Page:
Day 42: A Breakthrough While Using the reduce Method

#100DaysOfCode Challenge

Today's Progress:

I had a breakthrough while writing a function using the reduce method and I'm 75% done with 'Functional Programming' section of freeCodeCamp's JavaScript Algoothms and Data Structure course.

Quotes & Key Ideas:

  • "The reduce method iterates over each item in an array and returns a single value (i.e. string, number, object, array). This is achieved via a callback function that is called on each iteration."
    • The callback function takes four arguments: (1) the accumulator; which gets assigned the return value of the return value of the callback function from the previous iteration, (2) the current element being processed, (3) the index of that element, and (4) the array upon which reduce is called
    • In addition to the callback function, reduce also takes an initial value for the accumulator. "If this second parameter is not used, then the first iteration is skipped and the second iteration gets passed the first element of the array as the accumulator."
    • The MDN documentation a helpful example of reduce to calculate a sum
  • The sort method sorts elements of an array in ascending order (by default) BUT this based on converting the elements into strings and comparing the Unicode point value. However, this can return unexpected results. Thus, it's best practice to provide a callback function (usually called compareFunction) to define how you want the elements sorted. More details here.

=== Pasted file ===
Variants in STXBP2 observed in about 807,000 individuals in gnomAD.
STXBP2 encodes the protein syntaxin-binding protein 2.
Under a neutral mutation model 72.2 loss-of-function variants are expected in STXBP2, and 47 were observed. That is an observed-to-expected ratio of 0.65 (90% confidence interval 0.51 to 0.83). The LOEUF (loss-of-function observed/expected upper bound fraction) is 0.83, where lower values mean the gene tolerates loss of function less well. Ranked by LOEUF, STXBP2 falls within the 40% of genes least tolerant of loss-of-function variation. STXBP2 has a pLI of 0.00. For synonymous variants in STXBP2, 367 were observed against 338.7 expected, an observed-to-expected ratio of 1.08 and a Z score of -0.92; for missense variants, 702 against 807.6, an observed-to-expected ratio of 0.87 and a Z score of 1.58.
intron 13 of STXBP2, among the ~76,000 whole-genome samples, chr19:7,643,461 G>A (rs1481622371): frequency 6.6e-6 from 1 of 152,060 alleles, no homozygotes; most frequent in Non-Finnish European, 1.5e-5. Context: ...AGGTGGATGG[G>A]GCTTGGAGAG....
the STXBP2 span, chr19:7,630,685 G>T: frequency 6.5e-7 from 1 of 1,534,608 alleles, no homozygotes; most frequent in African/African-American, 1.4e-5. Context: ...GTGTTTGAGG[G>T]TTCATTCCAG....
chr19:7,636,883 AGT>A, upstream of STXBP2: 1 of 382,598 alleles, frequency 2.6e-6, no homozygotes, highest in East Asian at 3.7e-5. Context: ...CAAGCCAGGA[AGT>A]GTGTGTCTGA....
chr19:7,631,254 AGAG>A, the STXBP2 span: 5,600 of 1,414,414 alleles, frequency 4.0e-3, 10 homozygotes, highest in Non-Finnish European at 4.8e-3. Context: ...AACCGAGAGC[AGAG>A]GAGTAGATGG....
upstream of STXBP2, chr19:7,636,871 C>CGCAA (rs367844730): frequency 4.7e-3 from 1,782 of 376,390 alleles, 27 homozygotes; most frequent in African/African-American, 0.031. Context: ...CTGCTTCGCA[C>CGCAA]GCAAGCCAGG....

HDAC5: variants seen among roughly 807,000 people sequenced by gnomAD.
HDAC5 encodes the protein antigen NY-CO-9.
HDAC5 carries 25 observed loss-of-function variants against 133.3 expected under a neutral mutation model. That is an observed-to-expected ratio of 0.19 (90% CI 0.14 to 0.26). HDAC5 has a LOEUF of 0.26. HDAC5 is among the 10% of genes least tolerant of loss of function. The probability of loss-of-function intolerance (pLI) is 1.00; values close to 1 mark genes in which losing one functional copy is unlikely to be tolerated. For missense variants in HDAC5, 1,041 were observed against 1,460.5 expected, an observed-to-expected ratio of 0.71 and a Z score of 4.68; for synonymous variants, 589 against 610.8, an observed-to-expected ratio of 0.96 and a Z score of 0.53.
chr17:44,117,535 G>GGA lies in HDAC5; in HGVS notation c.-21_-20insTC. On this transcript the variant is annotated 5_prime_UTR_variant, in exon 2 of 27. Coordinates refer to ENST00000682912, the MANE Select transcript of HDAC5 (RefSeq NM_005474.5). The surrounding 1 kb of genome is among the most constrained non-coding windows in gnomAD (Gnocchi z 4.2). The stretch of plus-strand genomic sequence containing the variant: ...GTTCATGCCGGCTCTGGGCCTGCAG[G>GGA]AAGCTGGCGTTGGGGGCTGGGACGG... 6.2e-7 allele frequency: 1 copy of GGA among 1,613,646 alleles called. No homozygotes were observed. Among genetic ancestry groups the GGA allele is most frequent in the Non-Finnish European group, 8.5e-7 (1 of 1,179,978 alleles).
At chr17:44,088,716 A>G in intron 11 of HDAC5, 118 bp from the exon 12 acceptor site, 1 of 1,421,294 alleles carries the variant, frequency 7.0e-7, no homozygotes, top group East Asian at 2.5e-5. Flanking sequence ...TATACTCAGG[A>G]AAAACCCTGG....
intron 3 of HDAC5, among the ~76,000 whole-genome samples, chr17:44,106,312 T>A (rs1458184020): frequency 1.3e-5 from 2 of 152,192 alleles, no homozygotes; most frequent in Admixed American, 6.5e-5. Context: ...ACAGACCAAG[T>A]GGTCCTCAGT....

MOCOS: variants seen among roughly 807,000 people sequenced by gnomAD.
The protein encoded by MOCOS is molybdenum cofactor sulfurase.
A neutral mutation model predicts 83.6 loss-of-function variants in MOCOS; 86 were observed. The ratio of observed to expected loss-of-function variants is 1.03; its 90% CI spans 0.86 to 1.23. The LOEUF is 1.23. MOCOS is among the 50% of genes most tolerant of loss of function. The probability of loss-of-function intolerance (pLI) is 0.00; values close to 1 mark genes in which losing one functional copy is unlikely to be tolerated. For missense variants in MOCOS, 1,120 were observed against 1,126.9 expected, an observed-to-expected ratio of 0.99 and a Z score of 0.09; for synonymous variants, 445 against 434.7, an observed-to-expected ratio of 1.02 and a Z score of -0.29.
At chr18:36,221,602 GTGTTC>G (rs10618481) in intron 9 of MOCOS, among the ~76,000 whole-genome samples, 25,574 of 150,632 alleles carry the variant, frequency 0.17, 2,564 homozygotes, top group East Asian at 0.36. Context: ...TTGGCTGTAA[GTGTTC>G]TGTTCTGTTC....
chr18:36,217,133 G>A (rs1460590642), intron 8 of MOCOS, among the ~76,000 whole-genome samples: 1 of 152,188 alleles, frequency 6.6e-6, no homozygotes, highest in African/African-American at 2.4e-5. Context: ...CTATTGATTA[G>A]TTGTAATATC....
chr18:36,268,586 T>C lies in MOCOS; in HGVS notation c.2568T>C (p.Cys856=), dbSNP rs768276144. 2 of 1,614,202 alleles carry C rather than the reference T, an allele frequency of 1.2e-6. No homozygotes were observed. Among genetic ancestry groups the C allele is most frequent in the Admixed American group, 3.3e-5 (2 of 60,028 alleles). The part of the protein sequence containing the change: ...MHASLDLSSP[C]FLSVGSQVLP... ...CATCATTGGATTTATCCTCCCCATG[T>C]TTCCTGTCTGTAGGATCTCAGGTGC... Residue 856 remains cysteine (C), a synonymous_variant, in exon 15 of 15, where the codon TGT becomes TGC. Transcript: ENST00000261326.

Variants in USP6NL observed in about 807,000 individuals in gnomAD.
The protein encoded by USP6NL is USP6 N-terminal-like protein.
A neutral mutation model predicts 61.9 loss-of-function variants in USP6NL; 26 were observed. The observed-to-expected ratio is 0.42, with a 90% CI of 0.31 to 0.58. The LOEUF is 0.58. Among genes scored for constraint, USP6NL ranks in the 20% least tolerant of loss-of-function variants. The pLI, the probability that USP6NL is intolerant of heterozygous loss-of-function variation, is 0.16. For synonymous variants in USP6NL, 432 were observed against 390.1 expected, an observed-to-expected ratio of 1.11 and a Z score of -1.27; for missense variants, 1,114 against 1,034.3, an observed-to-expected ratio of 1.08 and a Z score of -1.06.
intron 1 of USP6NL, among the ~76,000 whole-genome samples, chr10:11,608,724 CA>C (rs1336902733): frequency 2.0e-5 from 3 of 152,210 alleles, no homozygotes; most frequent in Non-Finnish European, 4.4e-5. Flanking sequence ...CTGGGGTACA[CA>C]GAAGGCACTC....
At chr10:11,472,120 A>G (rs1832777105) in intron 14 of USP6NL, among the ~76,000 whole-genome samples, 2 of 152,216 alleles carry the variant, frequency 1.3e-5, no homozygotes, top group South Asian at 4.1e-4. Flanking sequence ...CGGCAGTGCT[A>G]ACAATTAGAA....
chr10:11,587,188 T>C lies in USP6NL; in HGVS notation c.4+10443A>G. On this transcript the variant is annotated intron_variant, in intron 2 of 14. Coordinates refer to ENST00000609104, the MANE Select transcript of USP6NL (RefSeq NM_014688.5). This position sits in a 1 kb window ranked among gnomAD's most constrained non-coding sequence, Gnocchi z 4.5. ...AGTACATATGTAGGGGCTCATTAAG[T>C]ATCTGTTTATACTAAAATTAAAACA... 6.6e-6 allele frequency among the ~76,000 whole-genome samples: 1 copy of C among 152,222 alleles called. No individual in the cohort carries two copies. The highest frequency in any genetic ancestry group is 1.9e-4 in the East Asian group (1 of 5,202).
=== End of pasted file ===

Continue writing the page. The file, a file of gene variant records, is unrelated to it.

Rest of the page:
• NOTE: The sort method mutates the array it's called upon. One way to avoid this is to first concatenate an empty array to the one being sorted, then run the sort method


I had a breakthrough in today's session: I managed to write an entire function without having to consult a "bazzillion" different sources. Lately I've had to refer to several different resources (e.g., documentation, forum posts, videos) to get through challenges. But today was different and it felt great!

While working on the challenge, I read the instructions carefully, broke the task into pieces, and only needed to refer to the MDN documentation once - and that was just for clarification on how syntax works for the reduce method. That's it!

It might not sound like a lot, but I almost screamed, "F*ck yeah!" when I saw the 'Tests passed' pop-up, but restrained myself since I was studying late and didn't want to disturb my partner (who was sleeping in the other room).

Feeling good about today's session and looking forward to more studying this weekend. (-:


The following documentation was useful into today's challenges:

You can read my full #100DaysOfCode journal on GitHub